With the arrival of nightfall, the hyenas, their boldness fueled by the cover of darkness, began their offensive. We watched in the light of the moon, spot lights turned off, to immerse ourselves in the confrontation. Their battalions, now far outnumbering that of the remaining lions, began to approach the battle field. Their whooping war cries escalated to a crescendo as, one by one, they voiced their intentions. Their challenge echoed around the surrounding area as they attempted to intimidate the cubs and their guardian. However, the remaining female would not be intimidated. Time after time, she launched herself at the loitering hyenas, growling and spitting, her superior size enough to send them scuttling back to the shadows. However, hyenas are nothing if not persistent and within minutes, they rallied and approached the carcass once again. We were sitting in the midst of a war as the interlopers stormed the fortress of the lions. In scenes reminiscent of 300, the lioness and her young troops repeatedly repelled the hyenas’ advances and this continued deep into the night.
All this noise however did not go unnoticed… The following morning when we arrived to survey the carnage from the battle that raged the night before, we found the cubs and female lying up away from the carcass and no hyenas on the scene. As we approached, the smell of the decaying hippo filled our noses causing some guests to gag as the stench was wafted towards us by the wind. Guarding the carcass and making light work of the remaining tough skin were the 2 Kruger males. No doubt drawn to the area by the sounds of the previous night’s carnage, they now monopolized the remaining spoils; their superior size and strength enough to encourage all onlookers to keep their distance. They tore into the hide, neck muscles bulging as they ripped chunks of decaying flesh from bone. Watching the saga unfold, and the level of respect given to them by their challengers, it became clear why they have been coined “kings of the jungle”. Often considered lazy, it is at times like this when their true nature is evident and we watched with a modicum of fear and respect as they restored order to the chaos. The look in a male lion’s eye when protecting a meal is one of the most intimidating sights in the harsh world of survival. It’s as simple as kill or be killed.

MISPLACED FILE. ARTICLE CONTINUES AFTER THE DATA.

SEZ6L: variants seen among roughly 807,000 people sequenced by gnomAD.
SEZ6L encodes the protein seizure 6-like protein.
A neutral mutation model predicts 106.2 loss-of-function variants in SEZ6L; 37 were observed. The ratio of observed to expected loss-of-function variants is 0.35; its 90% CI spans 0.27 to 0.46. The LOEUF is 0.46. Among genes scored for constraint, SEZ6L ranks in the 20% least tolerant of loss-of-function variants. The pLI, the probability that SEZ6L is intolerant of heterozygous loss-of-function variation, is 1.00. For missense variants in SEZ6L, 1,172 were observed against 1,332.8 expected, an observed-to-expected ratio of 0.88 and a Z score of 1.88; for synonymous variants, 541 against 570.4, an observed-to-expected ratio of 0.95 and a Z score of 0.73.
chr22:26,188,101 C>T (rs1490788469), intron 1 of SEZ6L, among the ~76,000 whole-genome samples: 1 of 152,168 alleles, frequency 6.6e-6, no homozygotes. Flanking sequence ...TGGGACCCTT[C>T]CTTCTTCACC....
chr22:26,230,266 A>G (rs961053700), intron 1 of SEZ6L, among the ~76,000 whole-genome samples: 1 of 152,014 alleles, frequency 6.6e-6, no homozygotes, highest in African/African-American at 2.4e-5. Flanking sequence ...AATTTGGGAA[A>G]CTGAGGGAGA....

The story did not end there though. After leaving the males, we went in search of a large herd of buffalo that had been seen close to the river. With some good work done by Zulu, my tracker, we found them grazing in some thick bush alongside one of the drainage lines that snake through Sabi Sabi. We patiently waited for them to emerge on to an adjacent open area and sat quietly as about 200 head of buffalo appeared from the surrounds. I placed the Land Rover at the far end of the clearing so as to experience the full drama of the herd approaching us. As we waited for the bovine floodgates to reach us, a rustle in the grass attracted our attention. As we examined the area, we noticed 4 feline faces perfectly camouflaged in the drying grass intently watching the brown mass in their wake.
We could almost see them salivating as their favourite quarry was heading straight into their trap. Eyes focused, muscles tensed, waiting without a sound for the right moment. The buffalo’s progress was slow and I could cut the atmosphere with a knife. For a few long minutes, the lionesses waited, bodies pressed flat into their cover as the unsuspecting buffalo approached the playing field. Eventually one lioness led the charge. She exploded from her cover, sending the herd of buffalo stampeding in all directions in a wild panic. Soon she picked out her target: a calf that had become separated from the bulk of the main herd and now found itself in no man’s land. Now that the lioness had her goal in sight, she closed the gap quickly and within seconds was snapping at the heels of the bellowing calf. With incredible agility, she leapt on the back of the calf, her weight and momentum sending them both crashing to the ground. She clung on to her catch trying to clamp her strong jaws around the calf’s throat to stifle its petrified screams as they tumbled through the grass in a cloud of dust.
However, the calf’s cries had not gone unnoticed. In a wonderful display of unity, a few members of the herd quickly forgot about their own plight and rushed to the aid of their fallen comrade. Faced with a sea of angry buffalo brandishing unparalleled levels of aggression and some of the most feared horns in the animal kingdom, the lioness was left with no option but to release her meal and run for her life as the tables were turned. Many a lion has been killed by a protective buffalo and fleeing was her only option. After evading the rampant rescue squad, she padded back to the rest of the group and they settled under a tree to wait out the harsh African sun, no doubt planning their strategies for the coming darkness.
We had been lucky enough to witness a plethora of incredible interactions and confrontations. From the unfortunate demise of one male hippo, a whole play had been written for us and we are the silent observers as the main characters fought for centre stage. The best part about all of it is that the script out here is spontaneous and infinite. There are no stage prompts, no predictable storylines and the participants have no direction. It is reality TV at its best. The harshness of nature is both shocking and inspiring and to have front row seats twice daily is worth the price of admission alone.